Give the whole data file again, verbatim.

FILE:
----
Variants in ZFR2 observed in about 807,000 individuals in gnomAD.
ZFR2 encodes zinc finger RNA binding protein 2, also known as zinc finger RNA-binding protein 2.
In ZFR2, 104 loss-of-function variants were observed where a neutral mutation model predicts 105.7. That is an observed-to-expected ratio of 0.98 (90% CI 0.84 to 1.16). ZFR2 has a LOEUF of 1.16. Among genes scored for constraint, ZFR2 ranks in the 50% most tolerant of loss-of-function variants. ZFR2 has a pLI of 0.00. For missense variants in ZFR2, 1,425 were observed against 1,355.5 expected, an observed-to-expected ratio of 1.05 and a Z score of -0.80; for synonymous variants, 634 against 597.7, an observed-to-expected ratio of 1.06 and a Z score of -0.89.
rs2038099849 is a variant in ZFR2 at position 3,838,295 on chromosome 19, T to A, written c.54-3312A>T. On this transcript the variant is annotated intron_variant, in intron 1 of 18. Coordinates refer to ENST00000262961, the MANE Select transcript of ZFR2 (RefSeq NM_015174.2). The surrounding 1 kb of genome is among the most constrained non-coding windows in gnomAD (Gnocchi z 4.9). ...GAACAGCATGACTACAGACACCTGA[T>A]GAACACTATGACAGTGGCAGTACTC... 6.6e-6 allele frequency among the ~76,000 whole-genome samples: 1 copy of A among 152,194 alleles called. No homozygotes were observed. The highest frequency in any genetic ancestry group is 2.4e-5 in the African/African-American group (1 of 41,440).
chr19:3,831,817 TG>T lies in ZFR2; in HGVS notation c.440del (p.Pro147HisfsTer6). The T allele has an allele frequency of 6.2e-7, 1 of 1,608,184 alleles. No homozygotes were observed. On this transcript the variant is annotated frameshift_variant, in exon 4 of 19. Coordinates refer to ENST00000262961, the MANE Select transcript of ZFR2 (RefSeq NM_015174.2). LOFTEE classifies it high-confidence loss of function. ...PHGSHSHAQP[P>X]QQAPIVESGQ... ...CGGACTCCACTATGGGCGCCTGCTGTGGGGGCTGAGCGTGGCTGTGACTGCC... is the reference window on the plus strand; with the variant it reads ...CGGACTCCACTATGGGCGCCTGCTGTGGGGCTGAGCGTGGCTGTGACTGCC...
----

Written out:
Variants in ZFR2 observed in about 807,000 individuals in gnomAD.
ZFR2 encodes zinc finger RNA binding protein 2, also known as zinc finger RNA-binding protein 2.
In ZFR2, 104 loss-of-function variants were observed where a neutral mutation model predicts 105.7. That is an observed-to-expected ratio of 0.98 (90% CI 0.84 to 1.16). ZFR2 has a LOEUF of 1.16. Among genes scored for constraint, ZFR2 ranks in the 50% most tolerant of loss-of-function variants. ZFR2 has a pLI of 0.00. For missense variants in ZFR2, 1,425 were observed against 1,355.5 expected, an observed-to-expected ratio of 1.05 and a Z score of -0.80; for synonymous variants, 634 against 597.7, an observed-to-expected ratio of 1.06 and a Z score of -0.89.
rs2038099849 is a variant in ZFR2 at position 3,838,295 on chromosome 19, T to A, written c.54-3312A>T. On this transcript the variant is annotated intron_variant, in intron 1 of 18. Coordinates refer to ENST00000262961, the MANE Select transcript of ZFR2 (RefSeq NM_015174.2). The surrounding 1 kb of genome is among the most constrained non-coding windows in gnomAD (Gnocchi z 4.9). ...GAACAGCATGACTACAGACACCTGA[T>A]GAACACTATGACAGTGGCAGTACTC... 6.6e-6 allele frequency among the ~76,000 whole-genome samples: 1 copy of A among 152,194 alleles called. No homozygotes were observed. The highest frequency in any genetic ancestry group is 2.4e-5 in the African/African-American group (1 of 41,440).
chr19:3,831,817 TG>T lies in ZFR2; in HGVS notation c.440del (p.Pro147HisfsTer6). The T allele has an allele frequency of 6.2e-7, 1 of 1,608,184 alleles. No homozygotes were observed. On this transcript the variant is annotated frameshift_variant, in exon 4 of 19. Coordinates refer to ENST00000262961, the MANE Select transcript of ZFR2 (RefSeq NM_015174.2). LOFTEE classifies it high-confidence loss of function. ...PHGSHSHAQP[P>X]QQAPIVESGQ... ...CGGACTCCACTATGGGCGCCTGCTGTGGGGGCTGAGCGTGGCTGTGACTGCC... is the reference window on the plus strand; with the variant it reads ...CGGACTCCACTATGGGCGCCTGCTGTGGGGCTGAGCGTGGCTGTGACTGCC...